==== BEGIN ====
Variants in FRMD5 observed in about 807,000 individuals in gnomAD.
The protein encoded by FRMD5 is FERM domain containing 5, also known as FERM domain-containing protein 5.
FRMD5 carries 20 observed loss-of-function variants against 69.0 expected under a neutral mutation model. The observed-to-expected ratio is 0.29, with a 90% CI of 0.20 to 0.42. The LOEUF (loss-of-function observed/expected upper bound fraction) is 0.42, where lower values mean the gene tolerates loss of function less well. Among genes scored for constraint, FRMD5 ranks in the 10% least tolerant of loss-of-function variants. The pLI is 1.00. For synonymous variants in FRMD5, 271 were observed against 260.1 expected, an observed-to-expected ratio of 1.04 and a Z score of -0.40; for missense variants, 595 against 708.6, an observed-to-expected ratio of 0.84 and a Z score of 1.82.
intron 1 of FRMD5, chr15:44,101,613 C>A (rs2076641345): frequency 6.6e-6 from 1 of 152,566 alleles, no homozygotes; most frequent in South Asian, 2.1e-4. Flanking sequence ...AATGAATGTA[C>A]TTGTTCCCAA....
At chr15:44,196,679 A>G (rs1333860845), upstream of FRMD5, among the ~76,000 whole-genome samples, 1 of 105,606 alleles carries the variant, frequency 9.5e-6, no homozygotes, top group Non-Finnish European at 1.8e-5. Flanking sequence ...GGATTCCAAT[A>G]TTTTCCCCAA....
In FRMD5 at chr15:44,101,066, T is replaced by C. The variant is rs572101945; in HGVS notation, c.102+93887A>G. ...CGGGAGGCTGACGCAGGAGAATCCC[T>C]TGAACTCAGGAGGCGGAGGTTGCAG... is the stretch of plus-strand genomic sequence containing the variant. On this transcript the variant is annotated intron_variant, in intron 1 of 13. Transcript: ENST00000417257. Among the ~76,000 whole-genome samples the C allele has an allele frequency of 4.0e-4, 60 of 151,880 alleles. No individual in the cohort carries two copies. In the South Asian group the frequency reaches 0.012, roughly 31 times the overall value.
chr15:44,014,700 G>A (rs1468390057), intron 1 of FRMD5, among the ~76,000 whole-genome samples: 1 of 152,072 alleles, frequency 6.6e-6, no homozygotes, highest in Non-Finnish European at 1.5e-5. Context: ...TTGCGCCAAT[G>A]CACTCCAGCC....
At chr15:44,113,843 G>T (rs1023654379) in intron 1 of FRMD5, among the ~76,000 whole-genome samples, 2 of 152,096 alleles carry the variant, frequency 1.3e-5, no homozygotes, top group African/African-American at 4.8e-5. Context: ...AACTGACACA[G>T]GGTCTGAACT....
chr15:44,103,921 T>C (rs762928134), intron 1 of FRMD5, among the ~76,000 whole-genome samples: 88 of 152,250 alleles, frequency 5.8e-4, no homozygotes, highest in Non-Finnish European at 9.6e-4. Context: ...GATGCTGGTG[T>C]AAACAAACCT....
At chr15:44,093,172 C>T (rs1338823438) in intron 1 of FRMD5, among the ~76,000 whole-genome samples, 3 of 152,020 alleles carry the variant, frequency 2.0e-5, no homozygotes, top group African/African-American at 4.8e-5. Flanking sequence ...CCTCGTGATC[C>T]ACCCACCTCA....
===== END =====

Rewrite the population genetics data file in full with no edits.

Variants in FRMD5 observed in about 807,000 individuals in gnomAD.
The protein encoded by FRMD5 is FERM domain containing 5, also known as FERM domain-containing protein 5.
FRMD5 carries 20 observed loss-of-function variants against 69.0 expected under a neutral mutation model. The observed-to-expected ratio is 0.29, with a 90% CI of 0.20 to 0.42. The LOEUF (loss-of-function observed/expected upper bound fraction) is 0.42, where lower values mean the gene tolerates loss of function less well. Among genes scored for constraint, FRMD5 ranks in the 10% least tolerant of loss-of-function variants. The pLI is 1.00. For synonymous variants in FRMD5, 271 were observed against 260.1 expected, an observed-to-expected ratio of 1.04 and a Z score of -0.40; for missense variants, 595 against 708.6, an observed-to-expected ratio of 0.84 and a Z score of 1.82.
intron 1 of FRMD5, chr15:44,101,613 C>A (rs2076641345): frequency 6.6e-6 from 1 of 152,566 alleles, no homozygotes; most frequent in South Asian, 2.1e-4. Flanking sequence ...AATGAATGTA[C>A]TTGTTCCCAA....
At chr15:44,196,679 A>G (rs1333860845), upstream of FRMD5, among the ~76,000 whole-genome samples, 1 of 105,606 alleles carries the variant, frequency 9.5e-6, no homozygotes, top group Non-Finnish European at 1.8e-5. Flanking sequence ...GGATTCCAAT[A>G]TTTTCCCCAA....
In FRMD5 at chr15:44,101,066, T is replaced by C. The variant is rs572101945; in HGVS notation, c.102+93887A>G. ...CGGGAGGCTGACGCAGGAGAATCCC[T>C]TGAACTCAGGAGGCGGAGGTTGCAG... is the stretch of plus-strand genomic sequence containing the variant. On this transcript the variant is annotated intron_variant, in intron 1 of 13. Transcript: ENST00000417257. Among the ~76,000 whole-genome samples the C allele has an allele frequency of 4.0e-4, 60 of 151,880 alleles. No individual in the cohort carries two copies. In the South Asian group the frequency reaches 0.012, roughly 31 times the overall value.
chr15:44,014,700 G>A (rs1468390057), intron 1 of FRMD5, among the ~76,000 whole-genome samples: 1 of 152,072 alleles, frequency 6.6e-6, no homozygotes, highest in Non-Finnish European at 1.5e-5. Context: ...TTGCGCCAAT[G>A]CACTCCAGCC....
At chr15:44,113,843 G>T (rs1023654379) in intron 1 of FRMD5, among the ~76,000 whole-genome samples, 2 of 152,096 alleles carry the variant, frequency 1.3e-5, no homozygotes, top group African/African-American at 4.8e-5. Context: ...AACTGACACA[G>T]GGTCTGAACT....
chr15:44,103,921 T>C (rs762928134), intron 1 of FRMD5, among the ~76,000 whole-genome samples: 88 of 152,250 alleles, frequency 5.8e-4, no homozygotes, highest in Non-Finnish European at 9.6e-4. Context: ...GATGCTGGTG[T>C]AAACAAACCT....
At chr15:44,093,172 C>T (rs1338823438) in intron 1 of FRMD5, among the ~76,000 whole-genome samples, 3 of 152,020 alleles carry the variant, frequency 2.0e-5, no homozygotes, top group African/African-American at 4.8e-5. Flanking sequence ...CCTCGTGATC[C>T]ACCCACCTCA....